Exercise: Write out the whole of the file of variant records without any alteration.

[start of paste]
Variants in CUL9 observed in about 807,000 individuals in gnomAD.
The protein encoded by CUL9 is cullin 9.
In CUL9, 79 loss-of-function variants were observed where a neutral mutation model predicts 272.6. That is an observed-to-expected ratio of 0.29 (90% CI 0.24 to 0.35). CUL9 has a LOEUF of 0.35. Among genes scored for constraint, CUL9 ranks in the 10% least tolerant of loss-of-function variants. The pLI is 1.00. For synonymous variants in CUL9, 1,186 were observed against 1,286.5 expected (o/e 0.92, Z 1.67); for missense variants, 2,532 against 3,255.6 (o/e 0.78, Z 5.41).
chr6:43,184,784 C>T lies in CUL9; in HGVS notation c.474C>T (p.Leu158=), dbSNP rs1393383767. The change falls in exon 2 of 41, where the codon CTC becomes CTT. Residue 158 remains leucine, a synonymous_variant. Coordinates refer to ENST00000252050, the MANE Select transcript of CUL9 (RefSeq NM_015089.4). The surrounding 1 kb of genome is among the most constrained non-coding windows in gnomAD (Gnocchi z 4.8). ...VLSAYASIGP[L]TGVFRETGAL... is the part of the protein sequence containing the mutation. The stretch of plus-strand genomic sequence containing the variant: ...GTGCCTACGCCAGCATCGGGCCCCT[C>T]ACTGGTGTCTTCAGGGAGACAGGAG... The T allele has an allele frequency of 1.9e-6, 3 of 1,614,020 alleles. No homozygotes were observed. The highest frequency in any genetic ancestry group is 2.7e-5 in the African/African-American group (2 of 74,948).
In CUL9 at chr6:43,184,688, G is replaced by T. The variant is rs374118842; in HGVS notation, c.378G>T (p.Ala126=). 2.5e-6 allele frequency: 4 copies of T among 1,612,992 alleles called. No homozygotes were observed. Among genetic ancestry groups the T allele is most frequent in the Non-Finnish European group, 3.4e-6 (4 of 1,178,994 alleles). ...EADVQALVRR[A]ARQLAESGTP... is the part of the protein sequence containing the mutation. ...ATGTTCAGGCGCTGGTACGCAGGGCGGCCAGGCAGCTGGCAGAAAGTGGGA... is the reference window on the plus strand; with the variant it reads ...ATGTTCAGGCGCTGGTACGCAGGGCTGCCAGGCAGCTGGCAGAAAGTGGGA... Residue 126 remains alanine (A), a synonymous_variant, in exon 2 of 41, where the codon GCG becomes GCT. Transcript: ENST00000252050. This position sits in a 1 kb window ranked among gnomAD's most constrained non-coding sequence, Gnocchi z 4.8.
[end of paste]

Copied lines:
Variants in CUL9 observed in about 807,000 individuals in gnomAD.
The protein encoded by CUL9 is cullin 9.
In CUL9, 79 loss-of-function variants were observed where a neutral mutation model predicts 272.6. That is an observed-to-expected ratio of 0.29 (90% CI 0.24 to 0.35). CUL9 has a LOEUF of 0.35. Among genes scored for constraint, CUL9 ranks in the 10% least tolerant of loss-of-function variants. The pLI is 1.00. For synonymous variants in CUL9, 1,186 were observed against 1,286.5 expected (o/e 0.92, Z 1.67); for missense variants, 2,532 against 3,255.6 (o/e 0.78, Z 5.41).
chr6:43,184,784 C>T lies in CUL9; in HGVS notation c.474C>T (p.Leu158=), dbSNP rs1393383767. The change falls in exon 2 of 41, where the codon CTC becomes CTT. Residue 158 remains leucine, a synonymous_variant. Coordinates refer to ENST00000252050, the MANE Select transcript of CUL9 (RefSeq NM_015089.4). The surrounding 1 kb of genome is among the most constrained non-coding windows in gnomAD (Gnocchi z 4.8). ...VLSAYASIGP[L]TGVFRETGAL... is the part of the protein sequence containing the mutation. The stretch of plus-strand genomic sequence containing the variant: ...GTGCCTACGCCAGCATCGGGCCCCT[C>T]ACTGGTGTCTTCAGGGAGACAGGAG... The T allele has an allele frequency of 1.9e-6, 3 of 1,614,020 alleles. No homozygotes were observed. The highest frequency in any genetic ancestry group is 2.7e-5 in the African/African-American group (2 of 74,948).
In CUL9 at chr6:43,184,688, G is replaced by T. The variant is rs374118842; in HGVS notation, c.378G>T (p.Ala126=). 2.5e-6 allele frequency: 4 copies of T among 1,612,992 alleles called. No homozygotes were observed. Among genetic ancestry groups the T allele is most frequent in the Non-Finnish European group, 3.4e-6 (4 of 1,178,994 alleles). ...EADVQALVRR[A]ARQLAESGTP... is the part of the protein sequence containing the mutation. ...ATGTTCAGGCGCTGGTACGCAGGGCGGCCAGGCAGCTGGCAGAAAGTGGGA... is the reference window on the plus strand; with the variant it reads ...ATGTTCAGGCGCTGGTACGCAGGGCTGCCAGGCAGCTGGCAGAAAGTGGGA... Residue 126 remains alanine (A), a synonymous_variant, in exon 2 of 41, where the codon GCG becomes GCT. Transcript: ENST00000252050. This position sits in a 1 kb window ranked among gnomAD's most constrained non-coding sequence, Gnocchi z 4.8.